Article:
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I would like to create a function or alias or command completion in bash which would take a command as "dfk-1234" or "DFK-nnnnn" (the number can be 1 to 5 digits, not zero-padded), and run a command "dfkp DFK-nnnn".

Arguments should be passed through verbatim. "dfk-18875 cat file.txt" should become "dfpk DFK-18875 cat file.txt".

I think command completion or tab expansion would work, but can't figure how to do it when the number changes.

What's the best way to do this? Once I can handle the main command name, then I can handle the rest (case, arguments, etc).

  • Background, attempting to reduce repetitive typing when using a work tool. – cde Aug 24 '18 at 15:33
  • Wouldn't it be easier to do autocompletion for dfk 18875 instead? That's same amount of typing. – weirdan Aug 24 '18 at 15:43
  • No, because we extensively use the project number, and that would mean copy paste would not work. I could easily handle it without the hyphen @weirdan wouldn't even have to ask, that's been asked to deth. I know bash can handle this, just not how. – cde Aug 24 '18 at 16:00
  • Could you clarify what's wrong with dfk 12345? You could write a function called dfk which would then take the first argument as the target number and run dfpk DFK-12345 as requested. What's missing in that approach? – terdon Aug 24 '18 at 17:10
  • @terdon We normally share the project number as DFK-12413. I then copy, and paste it. To do dfk 12345 would mean I then have to backspace and delete the hyphen. Or type dfk then paste it. I want to avoid all that. I can easily write a function as you describe. I want to just paste and hit enter. – cde Aug 24 '18 at 17:30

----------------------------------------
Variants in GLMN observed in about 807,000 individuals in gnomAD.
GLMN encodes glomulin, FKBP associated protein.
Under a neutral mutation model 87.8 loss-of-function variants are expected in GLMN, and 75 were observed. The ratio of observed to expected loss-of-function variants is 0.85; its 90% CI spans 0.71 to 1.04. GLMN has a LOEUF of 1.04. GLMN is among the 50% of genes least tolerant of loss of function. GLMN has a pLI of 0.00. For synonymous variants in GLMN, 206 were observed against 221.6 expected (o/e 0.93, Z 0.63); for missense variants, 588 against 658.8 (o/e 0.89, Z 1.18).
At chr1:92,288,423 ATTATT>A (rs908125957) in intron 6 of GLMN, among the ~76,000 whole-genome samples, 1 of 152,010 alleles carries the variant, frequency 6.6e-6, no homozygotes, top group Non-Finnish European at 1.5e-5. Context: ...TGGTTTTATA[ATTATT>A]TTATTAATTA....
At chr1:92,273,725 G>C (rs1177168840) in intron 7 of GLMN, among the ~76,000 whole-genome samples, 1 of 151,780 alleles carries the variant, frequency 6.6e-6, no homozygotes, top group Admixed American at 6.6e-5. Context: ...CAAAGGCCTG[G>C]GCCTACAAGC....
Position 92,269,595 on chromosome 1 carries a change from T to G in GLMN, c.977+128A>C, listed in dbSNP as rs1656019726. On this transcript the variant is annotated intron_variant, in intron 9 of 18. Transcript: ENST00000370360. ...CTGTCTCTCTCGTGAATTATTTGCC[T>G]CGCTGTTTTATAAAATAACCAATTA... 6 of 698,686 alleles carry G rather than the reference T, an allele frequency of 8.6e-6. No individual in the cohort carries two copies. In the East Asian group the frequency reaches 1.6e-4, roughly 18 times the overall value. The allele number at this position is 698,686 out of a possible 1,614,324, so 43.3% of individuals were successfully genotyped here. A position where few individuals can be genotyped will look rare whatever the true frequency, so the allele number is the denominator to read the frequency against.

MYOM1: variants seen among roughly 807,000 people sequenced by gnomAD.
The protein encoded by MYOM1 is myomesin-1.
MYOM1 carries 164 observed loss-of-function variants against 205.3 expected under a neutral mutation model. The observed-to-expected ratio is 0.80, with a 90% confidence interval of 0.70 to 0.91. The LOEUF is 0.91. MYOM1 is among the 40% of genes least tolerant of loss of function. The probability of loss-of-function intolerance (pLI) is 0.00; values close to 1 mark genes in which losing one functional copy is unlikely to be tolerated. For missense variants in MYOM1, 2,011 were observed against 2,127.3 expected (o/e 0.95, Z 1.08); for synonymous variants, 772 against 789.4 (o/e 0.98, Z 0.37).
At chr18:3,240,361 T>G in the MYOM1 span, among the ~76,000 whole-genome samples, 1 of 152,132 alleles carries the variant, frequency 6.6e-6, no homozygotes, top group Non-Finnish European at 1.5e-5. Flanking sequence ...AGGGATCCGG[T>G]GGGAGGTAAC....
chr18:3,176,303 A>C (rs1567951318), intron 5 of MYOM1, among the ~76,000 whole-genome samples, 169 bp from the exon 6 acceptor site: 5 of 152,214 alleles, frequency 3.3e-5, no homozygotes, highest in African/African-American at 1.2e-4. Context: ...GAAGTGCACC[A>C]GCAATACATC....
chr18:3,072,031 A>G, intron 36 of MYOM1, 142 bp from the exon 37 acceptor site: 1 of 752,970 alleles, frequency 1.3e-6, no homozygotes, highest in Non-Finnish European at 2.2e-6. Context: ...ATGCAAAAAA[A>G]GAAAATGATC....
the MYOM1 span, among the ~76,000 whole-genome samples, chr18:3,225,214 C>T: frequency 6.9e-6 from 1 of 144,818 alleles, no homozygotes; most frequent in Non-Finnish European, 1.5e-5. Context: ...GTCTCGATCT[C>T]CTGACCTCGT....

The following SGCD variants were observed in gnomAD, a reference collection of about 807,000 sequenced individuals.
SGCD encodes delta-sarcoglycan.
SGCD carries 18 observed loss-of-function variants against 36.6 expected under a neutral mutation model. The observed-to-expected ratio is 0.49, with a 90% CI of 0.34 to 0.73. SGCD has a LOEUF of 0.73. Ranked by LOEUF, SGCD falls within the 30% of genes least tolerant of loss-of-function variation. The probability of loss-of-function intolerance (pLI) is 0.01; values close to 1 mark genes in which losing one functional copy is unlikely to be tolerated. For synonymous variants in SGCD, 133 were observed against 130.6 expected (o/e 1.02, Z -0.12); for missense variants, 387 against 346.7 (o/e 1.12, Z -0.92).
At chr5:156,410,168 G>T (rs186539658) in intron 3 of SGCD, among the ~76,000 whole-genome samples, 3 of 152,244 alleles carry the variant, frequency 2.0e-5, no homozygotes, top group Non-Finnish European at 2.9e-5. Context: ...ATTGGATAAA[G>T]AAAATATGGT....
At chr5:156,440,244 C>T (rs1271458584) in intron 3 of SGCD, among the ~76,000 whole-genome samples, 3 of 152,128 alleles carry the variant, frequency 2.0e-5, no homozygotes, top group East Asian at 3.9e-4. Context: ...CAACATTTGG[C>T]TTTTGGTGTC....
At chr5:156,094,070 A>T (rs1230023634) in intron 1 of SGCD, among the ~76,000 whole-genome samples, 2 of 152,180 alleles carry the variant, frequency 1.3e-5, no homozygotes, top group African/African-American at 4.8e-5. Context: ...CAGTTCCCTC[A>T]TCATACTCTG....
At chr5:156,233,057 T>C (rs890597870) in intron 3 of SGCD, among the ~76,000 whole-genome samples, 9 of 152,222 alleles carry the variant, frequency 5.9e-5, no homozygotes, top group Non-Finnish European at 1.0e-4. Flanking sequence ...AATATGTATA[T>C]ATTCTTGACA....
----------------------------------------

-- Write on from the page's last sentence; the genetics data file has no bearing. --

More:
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Bash 4.0 introduced new functionality for handling commands that are not found -- it will call a function named command_not_found_handle, if that function exists. You could use that behavior to intercept calls to "programs" named dfk-NNN or DFK-NNN and re-run them as you like. Since we're depending on 4.0 behavior already, I've used the upper-casing and lower-casing parameter expansion features as well.

command_not_found_handle() {
  case "${1,,}" in
        (dfk-?|dfk-??|dfk-???|dfk-????|dfk-?????)
                echo dfkp "${1^^}" "${@:2}"
                return 0
        ;;
        (*)
                printf 'bash: %s: command not found\n' "$1" >&2
                return 127
        ;;

  esac
}

If you enter a command that doesn't exist, bash calls this function with the original command-line. The case statement lower-cases the first argument so that it's simpler to compare it against the dfk patterns required.

If the command starts with dfk- and ends with 1, 2, 3, 4, or 5 characters (tighten this to be digits as you see fit), then it -- currently echos, for debugging, but then -- calls the dfkp program with the first parameter being the upper-cased version of the initial dfk entry, followed by the remainder of the command-line.

For commands that don't match dfk-NNNN, it falls through and prints a simulated bash error message to stderr and returns 127. (This matches the default behavior, as if command_not_found_handle did not exist).

A sample session (with the echo debugging installed, as I don't have an actual dfkp program):

$ dfk-1234
dfkp DFK-1234
$ dfk-18875 cat file.txt
dfkp DFK-18875 cat file.txt
$ some-other-command
bash: some-other-command: command not found
$ dfk-1
dfkp DFK-1
$ dfk-12345
dfkp DFK-12345
  • That seems to be exactly what I want. I don't even need to do the single character wildcard, since the program itself has error handling for that. Simply match for (dfk-*). I'll leave this open for a bit in case someone else has a better solution, but +1. – cde Aug 24 '18 at 20:06
  • Tested and works brilliantly. – cde Aug 24 '18 at 21:06

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